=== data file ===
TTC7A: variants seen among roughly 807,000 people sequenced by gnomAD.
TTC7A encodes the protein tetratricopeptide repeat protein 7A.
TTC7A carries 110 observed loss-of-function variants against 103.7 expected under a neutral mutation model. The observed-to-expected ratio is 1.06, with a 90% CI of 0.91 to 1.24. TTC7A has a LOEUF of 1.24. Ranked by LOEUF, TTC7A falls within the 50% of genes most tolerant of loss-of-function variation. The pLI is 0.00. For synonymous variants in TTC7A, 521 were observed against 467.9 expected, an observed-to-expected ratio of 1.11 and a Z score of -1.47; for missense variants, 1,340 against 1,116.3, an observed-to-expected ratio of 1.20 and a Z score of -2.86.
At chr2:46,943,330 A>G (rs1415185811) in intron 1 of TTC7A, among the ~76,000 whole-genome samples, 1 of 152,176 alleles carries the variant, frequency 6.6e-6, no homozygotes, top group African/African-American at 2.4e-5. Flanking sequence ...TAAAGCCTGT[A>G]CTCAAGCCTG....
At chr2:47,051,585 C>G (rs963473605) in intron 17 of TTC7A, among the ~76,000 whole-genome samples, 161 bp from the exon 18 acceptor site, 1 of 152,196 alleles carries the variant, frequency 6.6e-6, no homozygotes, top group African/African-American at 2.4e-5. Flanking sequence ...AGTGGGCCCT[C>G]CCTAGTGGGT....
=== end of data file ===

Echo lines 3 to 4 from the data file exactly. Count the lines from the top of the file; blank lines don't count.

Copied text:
TTC7A carries 110 observed loss-of-function variants against 103.7 expected under a neutral mutation model. The observed-to-expected ratio is 1.06, with a 90% CI of 0.91 to 1.24. TTC7A has a LOEUF of 1.24. Ranked by LOEUF, TTC7A falls within the 50% of genes most tolerant of loss-of-function variation. The pLI is 0.00. For synonymous variants in TTC7A, 521 were observed against 467.9 expected, an observed-to-expected ratio of 1.11 and a Z score of -1.47; for missense variants, 1,340 against 1,116.3, an observed-to-expected ratio of 1.20 and a Z score of -2.86.
At chr2:46,943,330 A>G (rs1415185811) in intron 1 of TTC7A, among the ~76,000 whole-genome samples, 1 of 152,176 alleles carries the variant, frequency 6.6e-6, no homozygotes, top group African/African-American at 2.4e-5. Flanking sequence ...TAAAGCCTGT[A>G]CTCAAGCCTG....